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The lease accounting requirements that are setting us apart

July 23, 2019
Posted by Sarah Werner

Recently we wrote a blog post on some of the signs that may indicate your lease accounting solution doesn’t have what it takes to meet your needs now that IFRS 16 and ASC 842 are in full swing for most organizations.   

As a follow on to that post, we wanted to look at some specific requirements we have encountered in the market that are setting the Aptitude Lease Accounting Solution (ALAE) apart from its peers. 

Supporting the 13-period calendar

Recently, we worked with a prospect – one of the largest U.S. producers, distributors and marketers of branded food products – who was frustrated that the lease accounting solution they had chosen and implemented was proving unable to handle a 13-period calendar.   

A 13-period calendar, also known as a 4-4-5 calendar, is typical in retail and is used so that organizations can more accurately compare one 4-week period to another. With a 4-4-5 calendar, the standard 52-week year divides into four 13-week quarters, which comprise three periods split into a four-week, four-week, five-week format. While it has certain challenges, it helps eliminate the issue of comparing January, with its 31 days to February with its 28 days. This prospect had tried to implement a lease accounting solution that would work with its established 13-period calendar but ultimately found that it could not support this requirement 

We were able to show them how the Aptitude Lease Accounting Engine addresses multiple calendar requirements by pointing them to one of our existing clients, a global technology provider, that uses mixed calendars across entities, including Gregorian, 455 and custom calendars.  This reassured them that ALAE can flexibly accommodate any required calendar out of the box.  

Supporting subleases

For one of our most recent clients, it was the approximately 2,500 property subleases that presented the biggest obstacle to the vendors they were evaluating.  During the sales process, they eliminated six vendors on the grounds that they could not support their requirements around subleases.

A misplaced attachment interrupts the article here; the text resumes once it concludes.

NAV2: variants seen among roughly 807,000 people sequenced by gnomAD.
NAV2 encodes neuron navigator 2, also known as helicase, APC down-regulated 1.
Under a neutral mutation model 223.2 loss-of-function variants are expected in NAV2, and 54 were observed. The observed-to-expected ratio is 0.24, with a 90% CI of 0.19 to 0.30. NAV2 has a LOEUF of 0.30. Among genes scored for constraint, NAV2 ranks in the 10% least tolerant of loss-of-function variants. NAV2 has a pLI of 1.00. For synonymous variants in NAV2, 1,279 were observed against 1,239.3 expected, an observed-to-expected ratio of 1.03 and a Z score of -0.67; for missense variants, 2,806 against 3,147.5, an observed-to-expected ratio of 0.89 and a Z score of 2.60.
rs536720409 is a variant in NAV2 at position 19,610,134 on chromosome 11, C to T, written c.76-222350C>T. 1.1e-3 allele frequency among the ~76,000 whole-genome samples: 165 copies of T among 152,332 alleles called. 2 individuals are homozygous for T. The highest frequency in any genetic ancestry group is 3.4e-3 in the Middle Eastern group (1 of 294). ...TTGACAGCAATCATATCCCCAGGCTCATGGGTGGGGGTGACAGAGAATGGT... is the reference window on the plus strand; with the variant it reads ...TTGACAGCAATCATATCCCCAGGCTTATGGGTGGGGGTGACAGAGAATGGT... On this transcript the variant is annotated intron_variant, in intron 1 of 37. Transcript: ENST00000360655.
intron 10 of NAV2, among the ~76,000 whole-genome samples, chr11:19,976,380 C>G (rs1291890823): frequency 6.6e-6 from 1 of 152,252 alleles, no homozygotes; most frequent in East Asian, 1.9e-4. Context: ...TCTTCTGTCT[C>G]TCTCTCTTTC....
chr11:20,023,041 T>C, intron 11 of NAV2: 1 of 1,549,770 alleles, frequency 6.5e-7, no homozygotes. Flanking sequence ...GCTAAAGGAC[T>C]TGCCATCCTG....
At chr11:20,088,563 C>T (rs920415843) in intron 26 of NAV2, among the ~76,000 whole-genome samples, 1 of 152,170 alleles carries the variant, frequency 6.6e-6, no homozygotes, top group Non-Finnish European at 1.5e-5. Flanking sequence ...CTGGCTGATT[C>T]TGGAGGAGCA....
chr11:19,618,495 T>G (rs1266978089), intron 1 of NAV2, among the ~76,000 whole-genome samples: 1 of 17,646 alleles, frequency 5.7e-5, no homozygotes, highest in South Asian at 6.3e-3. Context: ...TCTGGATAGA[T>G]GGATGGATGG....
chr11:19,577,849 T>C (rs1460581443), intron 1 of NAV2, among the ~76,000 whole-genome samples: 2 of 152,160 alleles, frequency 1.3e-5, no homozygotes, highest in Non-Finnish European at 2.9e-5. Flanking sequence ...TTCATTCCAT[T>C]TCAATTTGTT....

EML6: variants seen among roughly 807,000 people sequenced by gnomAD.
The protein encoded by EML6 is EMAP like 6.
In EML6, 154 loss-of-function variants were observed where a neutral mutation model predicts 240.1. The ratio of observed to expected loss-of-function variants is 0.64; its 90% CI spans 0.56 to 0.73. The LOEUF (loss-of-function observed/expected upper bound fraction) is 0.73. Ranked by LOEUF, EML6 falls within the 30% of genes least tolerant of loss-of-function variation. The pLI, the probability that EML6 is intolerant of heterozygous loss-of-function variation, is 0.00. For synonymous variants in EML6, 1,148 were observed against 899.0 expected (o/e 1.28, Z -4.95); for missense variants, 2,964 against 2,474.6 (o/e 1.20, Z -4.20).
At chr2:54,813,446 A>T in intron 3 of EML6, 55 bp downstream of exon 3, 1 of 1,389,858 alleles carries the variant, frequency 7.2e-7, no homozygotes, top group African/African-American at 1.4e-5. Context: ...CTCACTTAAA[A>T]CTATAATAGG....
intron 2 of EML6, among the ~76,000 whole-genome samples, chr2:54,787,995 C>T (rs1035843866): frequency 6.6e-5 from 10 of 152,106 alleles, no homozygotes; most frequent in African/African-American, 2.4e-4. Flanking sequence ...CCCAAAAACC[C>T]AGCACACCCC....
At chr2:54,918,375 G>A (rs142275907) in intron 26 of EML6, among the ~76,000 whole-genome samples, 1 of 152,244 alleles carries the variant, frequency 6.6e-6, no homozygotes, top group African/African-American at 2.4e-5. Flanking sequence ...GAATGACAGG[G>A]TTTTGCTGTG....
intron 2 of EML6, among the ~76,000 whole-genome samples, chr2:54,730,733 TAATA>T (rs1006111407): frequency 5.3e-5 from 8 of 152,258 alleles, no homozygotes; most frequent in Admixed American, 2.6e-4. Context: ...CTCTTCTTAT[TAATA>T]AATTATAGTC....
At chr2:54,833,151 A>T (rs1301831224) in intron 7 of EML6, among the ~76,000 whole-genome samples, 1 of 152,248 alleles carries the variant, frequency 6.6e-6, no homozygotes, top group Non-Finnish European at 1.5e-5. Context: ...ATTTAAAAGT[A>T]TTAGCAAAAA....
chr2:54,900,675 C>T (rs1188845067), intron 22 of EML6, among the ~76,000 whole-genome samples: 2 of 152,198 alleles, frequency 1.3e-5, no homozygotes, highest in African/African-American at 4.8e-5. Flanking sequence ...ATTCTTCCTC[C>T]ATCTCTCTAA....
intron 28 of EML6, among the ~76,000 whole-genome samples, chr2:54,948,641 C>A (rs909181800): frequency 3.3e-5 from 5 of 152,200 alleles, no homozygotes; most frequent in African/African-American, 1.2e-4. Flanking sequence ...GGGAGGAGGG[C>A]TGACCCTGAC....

The rules around subleases under IFRS 16 and ASC 842 change the accounting significantly for lessors.  This organization had to address several challenging aspects to subleases including: 

  • The fact that the intermediate lessor typically accounts for the head lease and sublease as separate contracts and will need to apply both lessee and lessor accounting models.
  • The sublease classification tests for IFRS 16 differ from the regular lessor classification tests. 
  • Modifications to either the head lease or the sublease must also account for the impact on de-recognition where appropriate. 
  • Multiple subleases can be associated with one head lease

For this company, a privately held operator of numerous restaurants operating under more than 70 brand names, it was critical that any lease accounting solution could handle their complex subleases. However, because many vendors only provide lessee support for the new standards, the lessor required ability to address subleases is often missing or sub-par.

Luckily, we were able to show them how one of our North American clients is currently managing 8,000 leases with ALAE across multiple asset classes – including 800 property leases, many of which have a sublease component. 

If you are interested in more information on how we address the challenges around subleases, you can download this whitepaper 

Supporting tight timelines 

With just six months to go before the IFRS 16 reporting deadline, a large, European facility services company had an extremely tight timeline to select and implement a lease accounting solution.  Data from their portfolio of 10,000 leases – which would increase to 27,000 leases before the project was finished – would need to be fed into a solution to generate IFRS 16 compliant accounting and reporting.  The solution also had to support many different lease types, dozens of currencies, over 150 entities and hundreds of users. 

Since their February 2019 reporting date was not a deadline that could be missed, the organization needed the confidence that any solution they selected could be implemented and up and running.  

During the solution evaluation stage, Aptitude stood out as a vendor who had significant experience handling complex, global projects.  We were able to show them an implementation plan that gave them comfort despite the tight timeline.

Following the selection of ALAE, the Aptitude and client teams worked tirelessly to integrate lease data and implement the solution.  The solution went live with opening balances in just four months, giving the organization a buffer to ensure they were ready for their reporting deadline of February 7th.   

For more information on our lease accounting compliance solution, visit our resources page.


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This blog post was written by:

Sarah Werner
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